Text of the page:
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Alt-right founder: Trump is the first step in turning America into a vast ‘safe space’ for whites

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The founder of the so-called “alt-right” movement can’t believe Donald Trump actually won — but he envisions the newly elected president as the next step toward a white “ethnostate.”

Richard Spencer, head of the National Policy Institute, told Reveal host Al Letson that Trump represents a new conservatism that’s less interested in “freedom and liberty” than American nationalism.

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Listen to the entire interview posted online by Reveal.

“I don’t think Donald Trump is me, I don’t think Donald Trump is alt-right,” Spencer said. “I don’t think Donald Trump is an identitarian as I would use that term. I think Donald Trump is a kind of first step towards this. He’s the first time that we’ve seen a genuinely if, you could say incomplete, politician who’s fighting for European identity politics in North America. This is the first time we’ve seen it.”

The 38-year-old Spencer’s long-term goal is a white-only ethnostate, although he’s not sure how that could happen in the United States, because he does not think humans from different racial backgrounds can live harmoniously together

“What the ethnostate is, is an ideal,” Spencer said. “It’s a thing, it’s a way of thinking about we want a new type of society that would actually be a homeland for all white people, all European people. So that would include Slavs, that would include Germans, that would include Latins, it who would include people of all ethnicities that we would always have a safe space. We would always have a homeland for us. Very similar to, very similar to how Jews conceive of Israel.”

Letson admitted that he found Spencer charming and articulate, but he pressed the white nationalist to explain how he was different from his ideological predecessors who lynched black Americans.

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“Look, I’m not going to comment about you know some hypothetical Klansman or or whomever,” Spencer said.

Letson refused to let Spencer off the hook, saying that his views had a clear historical connection to anti-black terrorism, even if he was able to make them sound cooly intellectual.

“I’m sure there is some commonality between these movements of the past and what I’m talking about,” Spencer said. “But you really have to judge me on my own terms. Like I am not those people and I don’t fully know, I don’t know in the specifics of what you’re referring to. Like, I am who I am. And you, if you’re going to treat me with good faith, you have to listen to what I’m saying and listen to my ideas. I think someone who would go down the path of becoming a Klansman or something in 2016, I think that is, those people are very different than I am. It’s, it’s a — it’s a non-starter. I think we need an idea. We need a movement that really resonates with where we are right now.”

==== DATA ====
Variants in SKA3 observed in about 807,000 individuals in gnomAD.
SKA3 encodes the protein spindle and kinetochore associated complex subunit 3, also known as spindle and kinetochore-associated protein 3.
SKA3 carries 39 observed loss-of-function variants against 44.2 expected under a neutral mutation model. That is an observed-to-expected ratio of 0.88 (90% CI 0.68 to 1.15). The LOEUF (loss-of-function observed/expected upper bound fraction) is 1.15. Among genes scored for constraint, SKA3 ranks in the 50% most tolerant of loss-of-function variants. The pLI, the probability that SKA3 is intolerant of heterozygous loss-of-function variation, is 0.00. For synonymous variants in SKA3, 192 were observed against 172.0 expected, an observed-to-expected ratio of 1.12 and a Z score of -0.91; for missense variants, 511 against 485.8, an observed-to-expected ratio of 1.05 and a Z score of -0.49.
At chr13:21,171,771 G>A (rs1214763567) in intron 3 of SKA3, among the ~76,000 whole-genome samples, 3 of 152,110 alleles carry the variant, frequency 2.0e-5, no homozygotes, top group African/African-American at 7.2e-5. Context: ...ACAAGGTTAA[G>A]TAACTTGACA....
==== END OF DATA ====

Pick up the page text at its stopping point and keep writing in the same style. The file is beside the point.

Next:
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Black man adopted by white Alabama family fights for Confederate symbols: ‘I’m not going to take my flag down’

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A Black Alabama man this week said that he was fighting to save Confederate monuments because members of his adopted white family fought in the U.S. Civil War.

WHNT spoke to Daniel Sims outside the courthouse in Marshall County, where activists are calling for the removal of Confederate monuments. Sims said that he opposed the effort to take down the monuments.

"Regardless of how the next person feels, I'm not going to take my flag down," Sims said. "If I've got anything to do with it, ain't no monument going to come down."

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Viewers reject Sarah Palin’s advice to Kamala Harris

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Sarah Palin offered advice to Sen. Kamala Harris on running for vice president, but social media users didn't want to hear it.

The former Republican vice presidential nominee and one-time half-term governor of Alaska appeared Thursday on ABC's "Good Morning America," where she complained about the media coverage of her failed 2008 campaign alongside Sen. John McCain.

"A lot of the coverage of me was quite unfair," Palin said. "I hope that they will treat her fairly, but at the same time, no kid gloves ... the American voter wants to know that we have the most capable people running and who will be elected, regardless of gender, regardless of race."

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CNN fact-checker debunks Pence’s ‘bonkers’ lie about Obama and job creation

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Speaking to Fox News, Vice President Mike Pence tried to put a positive spin on the economy — by taking the economic rebound of the past 3 months, and claiming that the raw number of jobs created during that period beats the entirety of job growth in President Barack Obama's 8-year administration.

We’ve created more jobs in the last 3 months than Joe Biden and Barack Obama created in their 8 years in office. pic.twitter.com/kwk5YhL3TJ

— Mike Pence (@Mike_Pence) August 13, 2020

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